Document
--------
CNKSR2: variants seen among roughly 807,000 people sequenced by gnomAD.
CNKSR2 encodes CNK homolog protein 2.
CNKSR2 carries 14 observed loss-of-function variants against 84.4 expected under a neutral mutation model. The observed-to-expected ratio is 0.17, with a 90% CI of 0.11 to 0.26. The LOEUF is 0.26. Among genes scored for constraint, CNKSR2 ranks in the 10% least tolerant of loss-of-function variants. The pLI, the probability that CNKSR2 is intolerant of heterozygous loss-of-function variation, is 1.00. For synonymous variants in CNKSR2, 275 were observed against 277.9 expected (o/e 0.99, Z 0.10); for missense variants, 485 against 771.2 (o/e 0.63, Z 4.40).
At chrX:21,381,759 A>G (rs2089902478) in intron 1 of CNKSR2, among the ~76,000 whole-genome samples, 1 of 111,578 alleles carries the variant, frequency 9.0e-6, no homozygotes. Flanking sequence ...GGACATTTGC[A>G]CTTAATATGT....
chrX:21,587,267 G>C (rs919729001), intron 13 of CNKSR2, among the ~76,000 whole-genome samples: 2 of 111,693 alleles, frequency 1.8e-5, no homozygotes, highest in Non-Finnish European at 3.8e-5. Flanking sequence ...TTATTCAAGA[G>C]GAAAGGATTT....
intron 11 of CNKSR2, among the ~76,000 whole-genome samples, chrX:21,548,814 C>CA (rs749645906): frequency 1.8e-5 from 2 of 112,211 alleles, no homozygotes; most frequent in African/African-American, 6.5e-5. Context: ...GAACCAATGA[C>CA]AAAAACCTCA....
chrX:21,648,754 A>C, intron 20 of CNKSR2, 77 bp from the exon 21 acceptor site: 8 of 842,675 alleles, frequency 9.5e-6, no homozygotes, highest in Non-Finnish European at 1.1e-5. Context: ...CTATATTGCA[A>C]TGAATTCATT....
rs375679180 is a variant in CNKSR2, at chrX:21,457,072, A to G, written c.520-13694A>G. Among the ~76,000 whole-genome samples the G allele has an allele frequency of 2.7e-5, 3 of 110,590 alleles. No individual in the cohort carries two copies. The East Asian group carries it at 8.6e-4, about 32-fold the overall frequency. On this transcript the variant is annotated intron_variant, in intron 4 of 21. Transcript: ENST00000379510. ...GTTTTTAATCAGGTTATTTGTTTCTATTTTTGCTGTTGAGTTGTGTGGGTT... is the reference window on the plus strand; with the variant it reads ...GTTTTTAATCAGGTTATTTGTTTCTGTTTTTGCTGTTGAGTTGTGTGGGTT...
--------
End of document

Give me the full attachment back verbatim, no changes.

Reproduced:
CNKSR2: variants seen among roughly 807,000 people sequenced by gnomAD.
CNKSR2 encodes CNK homolog protein 2.
CNKSR2 carries 14 observed loss-of-function variants against 84.4 expected under a neutral mutation model. The observed-to-expected ratio is 0.17, with a 90% CI of 0.11 to 0.26. The LOEUF is 0.26. Among genes scored for constraint, CNKSR2 ranks in the 10% least tolerant of loss-of-function variants. The pLI, the probability that CNKSR2 is intolerant of heterozygous loss-of-function variation, is 1.00. For synonymous variants in CNKSR2, 275 were observed against 277.9 expected (o/e 0.99, Z 0.10); for missense variants, 485 against 771.2 (o/e 0.63, Z 4.40).
At chrX:21,381,759 A>G (rs2089902478) in intron 1 of CNKSR2, among the ~76,000 whole-genome samples, 1 of 111,578 alleles carries the variant, frequency 9.0e-6, no homozygotes. Flanking sequence ...GGACATTTGC[A>G]CTTAATATGT....
chrX:21,587,267 G>C (rs919729001), intron 13 of CNKSR2, among the ~76,000 whole-genome samples: 2 of 111,693 alleles, frequency 1.8e-5, no homozygotes, highest in Non-Finnish European at 3.8e-5. Flanking sequence ...TTATTCAAGA[G>C]GAAAGGATTT....
intron 11 of CNKSR2, among the ~76,000 whole-genome samples, chrX:21,548,814 C>CA (rs749645906): frequency 1.8e-5 from 2 of 112,211 alleles, no homozygotes; most frequent in African/African-American, 6.5e-5. Context: ...GAACCAATGA[C>CA]AAAAACCTCA....
chrX:21,648,754 A>C, intron 20 of CNKSR2, 77 bp from the exon 21 acceptor site: 8 of 842,675 alleles, frequency 9.5e-6, no homozygotes, highest in Non-Finnish European at 1.1e-5. Context: ...CTATATTGCA[A>C]TGAATTCATT....
rs375679180 is a variant in CNKSR2, at chrX:21,457,072, A to G, written c.520-13694A>G. Among the ~76,000 whole-genome samples the G allele has an allele frequency of 2.7e-5, 3 of 110,590 alleles. No individual in the cohort carries two copies. The East Asian group carries it at 8.6e-4, about 32-fold the overall frequency. On this transcript the variant is annotated intron_variant, in intron 4 of 21. Transcript: ENST00000379510. ...GTTTTTAATCAGGTTATTTGTTTCTATTTTTGCTGTTGAGTTGTGTGGGTT... is the reference window on the plus strand; with the variant it reads ...GTTTTTAATCAGGTTATTTGTTTCTGTTTTTGCTGTTGAGTTGTGTGGGTT...